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Recent advances in CRISPR-based genome editing technology and its applications in cardiovascular research

Abstract

The rapid development of genome editing technology has brought major breakthroughs in the fields of life science and medicine. In recent years, the clustered regularly interspaced short palindromic repeats (CRISPR)-based genome editing toolbox has been greatly expanded, not only with emerging CRISPR-associated protein (Cas) nucleases, but also novel applications through combination with diverse effectors. Recently, transposon-associated programmable RNA-guided genome editing systems have been uncovered, adding myriads of potential new tools to the genome editing toolbox. CRISPR-based genome editing technology has also revolutionized cardiovascular research. Here we first summarize the advances involving newly identified Cas orthologs, engineered variants and novel genome editing systems, and then discuss the applications of the CRISPR-Cas systems in precise genome editing, such as base editing and prime editing. We also highlight recent progress in cardiovascular research using CRISPR-based genome editing technologies, including the generation of genetically modified in vitro and animal models of cardiovascular diseases (CVD) as well as the applications in treating different types of CVD. Finally, the current limitations and future prospects of genome editing technologies are discussed.

Background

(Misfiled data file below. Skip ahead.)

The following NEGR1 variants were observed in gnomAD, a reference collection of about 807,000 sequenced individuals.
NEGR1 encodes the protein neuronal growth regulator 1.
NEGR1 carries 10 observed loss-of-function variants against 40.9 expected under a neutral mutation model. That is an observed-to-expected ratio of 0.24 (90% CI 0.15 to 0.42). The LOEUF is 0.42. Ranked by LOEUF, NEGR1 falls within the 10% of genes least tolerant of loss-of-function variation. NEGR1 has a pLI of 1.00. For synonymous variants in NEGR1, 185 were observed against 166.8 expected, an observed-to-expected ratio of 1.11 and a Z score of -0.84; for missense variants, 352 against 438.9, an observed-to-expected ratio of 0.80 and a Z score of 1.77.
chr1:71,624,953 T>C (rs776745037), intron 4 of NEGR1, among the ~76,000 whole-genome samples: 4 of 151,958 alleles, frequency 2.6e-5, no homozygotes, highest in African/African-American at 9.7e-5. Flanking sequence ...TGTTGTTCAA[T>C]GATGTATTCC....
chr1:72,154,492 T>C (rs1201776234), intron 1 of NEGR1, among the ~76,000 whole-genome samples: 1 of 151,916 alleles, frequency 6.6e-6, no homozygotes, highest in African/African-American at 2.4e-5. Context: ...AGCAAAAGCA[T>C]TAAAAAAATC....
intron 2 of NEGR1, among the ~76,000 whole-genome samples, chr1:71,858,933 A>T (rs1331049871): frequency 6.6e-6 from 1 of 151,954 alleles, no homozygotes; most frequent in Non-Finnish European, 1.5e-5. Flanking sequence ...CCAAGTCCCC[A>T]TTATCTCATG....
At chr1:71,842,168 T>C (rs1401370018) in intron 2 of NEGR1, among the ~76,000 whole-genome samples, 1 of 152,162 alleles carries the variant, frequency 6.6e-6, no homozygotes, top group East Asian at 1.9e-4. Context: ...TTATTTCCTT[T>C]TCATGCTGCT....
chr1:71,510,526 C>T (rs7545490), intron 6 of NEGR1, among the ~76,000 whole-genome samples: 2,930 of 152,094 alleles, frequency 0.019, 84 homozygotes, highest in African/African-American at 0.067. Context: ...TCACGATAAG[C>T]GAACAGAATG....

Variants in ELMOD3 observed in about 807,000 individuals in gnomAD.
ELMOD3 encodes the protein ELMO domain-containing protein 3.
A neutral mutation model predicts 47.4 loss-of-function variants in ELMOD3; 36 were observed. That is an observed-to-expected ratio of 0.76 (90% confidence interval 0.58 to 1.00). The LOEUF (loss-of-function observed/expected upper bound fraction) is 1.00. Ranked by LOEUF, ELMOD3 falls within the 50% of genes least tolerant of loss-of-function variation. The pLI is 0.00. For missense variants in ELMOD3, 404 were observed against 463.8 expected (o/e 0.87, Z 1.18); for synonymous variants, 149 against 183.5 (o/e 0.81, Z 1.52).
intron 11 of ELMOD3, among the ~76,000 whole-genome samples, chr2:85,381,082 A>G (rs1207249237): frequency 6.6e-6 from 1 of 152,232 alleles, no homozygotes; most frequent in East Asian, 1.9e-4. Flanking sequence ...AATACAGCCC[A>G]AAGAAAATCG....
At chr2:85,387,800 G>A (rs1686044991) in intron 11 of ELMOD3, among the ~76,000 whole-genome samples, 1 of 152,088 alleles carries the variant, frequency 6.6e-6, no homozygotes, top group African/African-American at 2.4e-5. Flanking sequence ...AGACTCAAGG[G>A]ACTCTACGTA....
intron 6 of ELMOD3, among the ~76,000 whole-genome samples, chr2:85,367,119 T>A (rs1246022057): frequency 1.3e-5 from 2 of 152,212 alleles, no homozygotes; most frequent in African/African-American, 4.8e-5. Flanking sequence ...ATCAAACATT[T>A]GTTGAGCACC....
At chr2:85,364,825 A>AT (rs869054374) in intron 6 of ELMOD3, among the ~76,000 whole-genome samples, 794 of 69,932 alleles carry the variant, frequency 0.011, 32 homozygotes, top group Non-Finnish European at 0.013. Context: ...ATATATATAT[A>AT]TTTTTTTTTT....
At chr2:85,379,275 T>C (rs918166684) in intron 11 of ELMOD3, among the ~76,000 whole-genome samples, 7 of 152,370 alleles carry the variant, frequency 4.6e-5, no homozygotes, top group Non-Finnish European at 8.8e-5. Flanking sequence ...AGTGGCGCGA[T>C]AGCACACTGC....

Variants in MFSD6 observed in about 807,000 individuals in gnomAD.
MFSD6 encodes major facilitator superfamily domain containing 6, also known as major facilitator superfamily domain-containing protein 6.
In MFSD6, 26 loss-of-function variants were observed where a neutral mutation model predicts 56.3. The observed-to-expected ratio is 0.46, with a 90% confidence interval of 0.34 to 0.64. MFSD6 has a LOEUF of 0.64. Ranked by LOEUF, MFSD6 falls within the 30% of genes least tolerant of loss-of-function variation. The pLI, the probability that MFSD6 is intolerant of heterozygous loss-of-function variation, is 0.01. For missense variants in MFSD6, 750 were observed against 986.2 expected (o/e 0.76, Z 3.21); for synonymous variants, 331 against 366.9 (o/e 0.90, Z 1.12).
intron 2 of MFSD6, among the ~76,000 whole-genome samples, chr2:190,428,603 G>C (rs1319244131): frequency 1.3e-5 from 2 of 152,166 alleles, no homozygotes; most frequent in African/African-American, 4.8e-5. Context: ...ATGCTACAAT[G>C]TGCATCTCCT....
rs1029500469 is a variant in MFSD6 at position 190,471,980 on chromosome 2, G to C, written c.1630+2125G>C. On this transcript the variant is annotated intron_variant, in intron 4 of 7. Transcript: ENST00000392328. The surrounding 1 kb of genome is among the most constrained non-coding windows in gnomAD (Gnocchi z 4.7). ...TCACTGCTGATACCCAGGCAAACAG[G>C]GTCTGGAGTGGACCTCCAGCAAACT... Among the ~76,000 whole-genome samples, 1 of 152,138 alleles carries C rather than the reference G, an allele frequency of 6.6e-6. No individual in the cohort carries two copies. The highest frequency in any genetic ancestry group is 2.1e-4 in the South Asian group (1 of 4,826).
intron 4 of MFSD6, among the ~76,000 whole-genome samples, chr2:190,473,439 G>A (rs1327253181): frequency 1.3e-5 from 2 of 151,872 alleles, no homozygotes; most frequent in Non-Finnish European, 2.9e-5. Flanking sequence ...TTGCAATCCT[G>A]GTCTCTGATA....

Genome editing technology refers to a series of technologies capable of manipulating cellular DNA sequences at desired genomic sites by generating altered DNA sequences through nuclease-mediated site-specific DNA breaks that are resolved through DNA repair pathways [1,2,3]. Among genome editing-associated nucleases, clustered regularly interspaced short palindromic repeats (CRISPR)/CRISPR-associated protein (Cas) nucleases are convenient, efficient, and precise, and are currently the most widely used [4,5,6,7,8]. After the CRISPR-Cas9 system was characterized and programmed to perform RNA-guided DNA cleavage at specific sites in prokaryotes, it was immediately proven to be an efficient tool for editing eukaryotic genomes [9]. Since then, CRISPR-based genome editing technology has drawn a worldwide attention and initiated extensive development. Emerging CRISPR-based tools with broadened targeting ranges, improved editing specificity and efficiency, and other distinct capabilities have facilitated eukaryotic genome editing by selecting optimal CRISPR-Cas tools. In addition to expanding the CRISPR-Cas nuclease arsenal, this system has also been applied to transcriptional regulation, epigenetic modification, and live-cell imaging by incorporation with other effector proteins [7, 10, 11].